US Patent Office Rejects Monolithic Power Systems’ Challenges to Volterra Coupled Inductor Patents
Volterra Semiconductor LLC, a wholly owned subsidiary of Maxim Integrated Products, Inc. announced that the United States Patent and Trademark Office (USPTO) rejected five petitions by Monolithic Power Systems, Inc. (MPS) seeking Inter Partes Review on three Volterra patents relating to the use of coupled inductors in voltage converters.
The March 4 rulings were the latest development related to the 2019 lawsuit filed by Volterra in the United States District Court for the District of Delaware seeking damages from MPS and an order prohibiting the company from selling products that infringe on Volterra patents. The Patent Trial and Appeal Board of the USPTO denied the petitions in response to an MPS’ request to find Volterra’s claims as “unpatentable.”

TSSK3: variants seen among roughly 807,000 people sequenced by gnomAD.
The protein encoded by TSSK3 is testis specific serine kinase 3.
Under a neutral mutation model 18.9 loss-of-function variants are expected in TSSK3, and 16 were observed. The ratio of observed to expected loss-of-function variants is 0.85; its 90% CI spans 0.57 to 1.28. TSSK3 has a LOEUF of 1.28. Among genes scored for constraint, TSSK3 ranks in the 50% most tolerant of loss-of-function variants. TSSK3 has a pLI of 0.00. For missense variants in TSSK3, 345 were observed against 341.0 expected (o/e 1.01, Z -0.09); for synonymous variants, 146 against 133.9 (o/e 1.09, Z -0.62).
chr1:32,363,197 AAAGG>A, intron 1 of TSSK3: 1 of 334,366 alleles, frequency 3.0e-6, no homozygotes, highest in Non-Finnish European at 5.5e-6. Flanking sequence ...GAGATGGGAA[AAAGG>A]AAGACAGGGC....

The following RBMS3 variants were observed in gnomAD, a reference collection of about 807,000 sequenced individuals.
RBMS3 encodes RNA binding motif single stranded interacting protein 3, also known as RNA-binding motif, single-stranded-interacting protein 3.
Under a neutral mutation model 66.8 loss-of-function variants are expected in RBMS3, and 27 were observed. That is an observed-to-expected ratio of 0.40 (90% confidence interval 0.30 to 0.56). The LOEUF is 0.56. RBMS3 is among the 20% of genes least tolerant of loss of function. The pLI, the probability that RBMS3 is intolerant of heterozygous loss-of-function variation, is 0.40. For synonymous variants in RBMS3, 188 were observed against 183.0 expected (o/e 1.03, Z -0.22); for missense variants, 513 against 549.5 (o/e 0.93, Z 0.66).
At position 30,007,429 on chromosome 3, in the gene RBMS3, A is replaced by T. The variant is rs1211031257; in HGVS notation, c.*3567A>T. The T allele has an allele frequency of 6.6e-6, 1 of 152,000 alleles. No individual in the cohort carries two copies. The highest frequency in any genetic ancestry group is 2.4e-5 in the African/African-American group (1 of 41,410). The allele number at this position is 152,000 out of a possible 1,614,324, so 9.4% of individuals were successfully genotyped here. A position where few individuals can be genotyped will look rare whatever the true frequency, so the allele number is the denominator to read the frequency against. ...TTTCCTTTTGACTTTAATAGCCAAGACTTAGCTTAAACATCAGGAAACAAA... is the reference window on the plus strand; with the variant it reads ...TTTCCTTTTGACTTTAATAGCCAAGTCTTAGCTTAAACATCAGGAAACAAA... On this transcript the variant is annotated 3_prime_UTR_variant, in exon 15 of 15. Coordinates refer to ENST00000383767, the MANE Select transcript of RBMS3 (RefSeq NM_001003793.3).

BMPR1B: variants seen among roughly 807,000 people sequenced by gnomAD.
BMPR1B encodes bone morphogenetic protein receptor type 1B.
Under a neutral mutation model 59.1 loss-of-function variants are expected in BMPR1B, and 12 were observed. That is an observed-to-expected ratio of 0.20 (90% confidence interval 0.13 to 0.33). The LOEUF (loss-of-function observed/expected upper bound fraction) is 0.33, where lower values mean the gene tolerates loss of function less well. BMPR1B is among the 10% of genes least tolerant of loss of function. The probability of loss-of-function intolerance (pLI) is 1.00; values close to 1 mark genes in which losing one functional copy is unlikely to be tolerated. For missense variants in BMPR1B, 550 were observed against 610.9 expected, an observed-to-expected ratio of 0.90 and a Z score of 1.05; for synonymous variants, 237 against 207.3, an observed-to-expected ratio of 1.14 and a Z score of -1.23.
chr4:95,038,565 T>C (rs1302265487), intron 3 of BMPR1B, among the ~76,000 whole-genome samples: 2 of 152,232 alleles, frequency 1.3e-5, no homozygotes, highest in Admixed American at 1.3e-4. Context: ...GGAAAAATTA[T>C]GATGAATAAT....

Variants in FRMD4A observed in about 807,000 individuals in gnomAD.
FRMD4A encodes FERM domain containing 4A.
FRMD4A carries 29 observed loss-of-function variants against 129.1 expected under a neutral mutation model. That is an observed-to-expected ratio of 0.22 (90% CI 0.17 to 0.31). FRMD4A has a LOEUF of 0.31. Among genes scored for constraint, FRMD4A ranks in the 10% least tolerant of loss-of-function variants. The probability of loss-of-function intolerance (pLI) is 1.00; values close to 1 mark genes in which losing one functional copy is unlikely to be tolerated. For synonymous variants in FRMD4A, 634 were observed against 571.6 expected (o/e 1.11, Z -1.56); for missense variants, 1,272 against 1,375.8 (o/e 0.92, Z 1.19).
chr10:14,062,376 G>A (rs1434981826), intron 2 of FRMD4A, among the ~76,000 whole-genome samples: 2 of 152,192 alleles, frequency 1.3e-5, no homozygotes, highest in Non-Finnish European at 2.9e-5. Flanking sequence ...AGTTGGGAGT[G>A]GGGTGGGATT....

“The Patent Office’s decision to reject five separate challenges to the patentability of three Volterra patents confirms the importance of these inventions,” said Bruno Kranzen, vice president of Maxim’s Cloud and Data Center Business Unit. “These rulings also re-affirm the strength of Volterra’s intellectual property portfolio and it underscores the efforts the company will take to defend these patents vigorously.”
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In four of the five rulings on March 4, the USPTO wrote that each of the MPS petitions did “not establish a reasonable likelihood that [it] would prevail in showing that any of the challenged claims of each patent are unpatentable.” In the fifth ruling, the USPTO denied MPS’ petition after concluding that “the same or substantially the same prior art or arguments” were previously presented to the Patent Office during the original examination of Volterra’s patent.
The specific Volterra patents asserted in the lawsuit are USP 6,362,986, titled “Voltage Converter With Coupled Inductive Windings, and Associated Methods,” USP 7,772,955, titled “Method for Making Magnetic Components with N-Phase Coupling, and Related Inductor Structures,” and USP 7,525,408, titled “Method for Making Magnetic Components with N-Phase Coupling, and Related Inductor Structures.”
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